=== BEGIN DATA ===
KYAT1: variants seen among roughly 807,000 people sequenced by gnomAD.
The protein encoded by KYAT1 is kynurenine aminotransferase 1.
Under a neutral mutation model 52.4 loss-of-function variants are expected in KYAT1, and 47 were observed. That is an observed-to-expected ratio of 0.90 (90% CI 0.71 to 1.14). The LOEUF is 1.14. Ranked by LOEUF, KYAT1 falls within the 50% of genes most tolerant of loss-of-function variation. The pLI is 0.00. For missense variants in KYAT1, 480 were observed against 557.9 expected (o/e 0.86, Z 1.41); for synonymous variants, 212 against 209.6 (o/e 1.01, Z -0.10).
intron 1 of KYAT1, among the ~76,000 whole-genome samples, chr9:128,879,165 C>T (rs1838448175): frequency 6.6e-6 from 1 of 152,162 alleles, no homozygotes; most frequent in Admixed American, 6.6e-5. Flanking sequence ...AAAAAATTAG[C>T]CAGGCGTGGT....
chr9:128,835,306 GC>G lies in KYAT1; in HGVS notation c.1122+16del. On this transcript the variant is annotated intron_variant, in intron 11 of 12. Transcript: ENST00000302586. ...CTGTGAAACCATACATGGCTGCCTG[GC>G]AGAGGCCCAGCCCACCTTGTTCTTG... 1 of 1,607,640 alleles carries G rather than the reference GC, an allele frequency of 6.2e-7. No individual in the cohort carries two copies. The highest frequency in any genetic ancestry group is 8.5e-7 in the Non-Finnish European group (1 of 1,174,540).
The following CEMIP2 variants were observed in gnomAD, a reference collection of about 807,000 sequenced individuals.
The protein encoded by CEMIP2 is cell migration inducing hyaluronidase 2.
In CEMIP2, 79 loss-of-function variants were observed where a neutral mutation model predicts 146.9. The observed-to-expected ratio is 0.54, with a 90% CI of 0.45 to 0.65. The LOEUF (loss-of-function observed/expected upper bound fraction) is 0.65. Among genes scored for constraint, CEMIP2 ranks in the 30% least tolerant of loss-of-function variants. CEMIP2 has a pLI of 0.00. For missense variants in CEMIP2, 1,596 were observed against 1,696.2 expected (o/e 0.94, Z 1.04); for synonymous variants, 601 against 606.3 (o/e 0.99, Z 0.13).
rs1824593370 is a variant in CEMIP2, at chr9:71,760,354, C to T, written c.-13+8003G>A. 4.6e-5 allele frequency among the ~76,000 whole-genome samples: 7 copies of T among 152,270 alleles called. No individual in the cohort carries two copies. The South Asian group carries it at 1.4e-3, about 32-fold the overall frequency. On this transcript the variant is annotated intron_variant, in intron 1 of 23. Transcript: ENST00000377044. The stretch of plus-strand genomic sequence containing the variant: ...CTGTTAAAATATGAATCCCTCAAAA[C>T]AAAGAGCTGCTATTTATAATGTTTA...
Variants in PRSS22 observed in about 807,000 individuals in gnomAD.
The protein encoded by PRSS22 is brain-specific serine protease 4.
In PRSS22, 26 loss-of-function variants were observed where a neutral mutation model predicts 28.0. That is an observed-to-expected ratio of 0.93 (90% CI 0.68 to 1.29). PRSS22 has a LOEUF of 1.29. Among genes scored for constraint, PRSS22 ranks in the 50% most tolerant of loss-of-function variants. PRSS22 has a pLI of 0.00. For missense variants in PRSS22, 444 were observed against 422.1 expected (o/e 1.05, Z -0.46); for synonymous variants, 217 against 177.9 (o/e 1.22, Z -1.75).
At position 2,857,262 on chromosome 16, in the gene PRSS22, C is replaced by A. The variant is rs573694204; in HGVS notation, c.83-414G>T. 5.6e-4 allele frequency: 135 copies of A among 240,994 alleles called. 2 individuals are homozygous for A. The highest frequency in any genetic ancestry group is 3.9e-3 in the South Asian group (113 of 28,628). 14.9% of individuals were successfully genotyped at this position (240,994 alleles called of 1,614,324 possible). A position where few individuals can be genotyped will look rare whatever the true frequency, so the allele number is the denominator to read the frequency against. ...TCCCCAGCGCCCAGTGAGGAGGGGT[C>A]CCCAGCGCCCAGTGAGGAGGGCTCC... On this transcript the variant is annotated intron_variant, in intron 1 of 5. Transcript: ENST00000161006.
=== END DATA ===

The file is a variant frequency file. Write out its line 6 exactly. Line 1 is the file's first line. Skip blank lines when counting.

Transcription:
The following CEMIP2 variants were observed in gnomAD, a reference collection of about 807,000 sequenced individuals.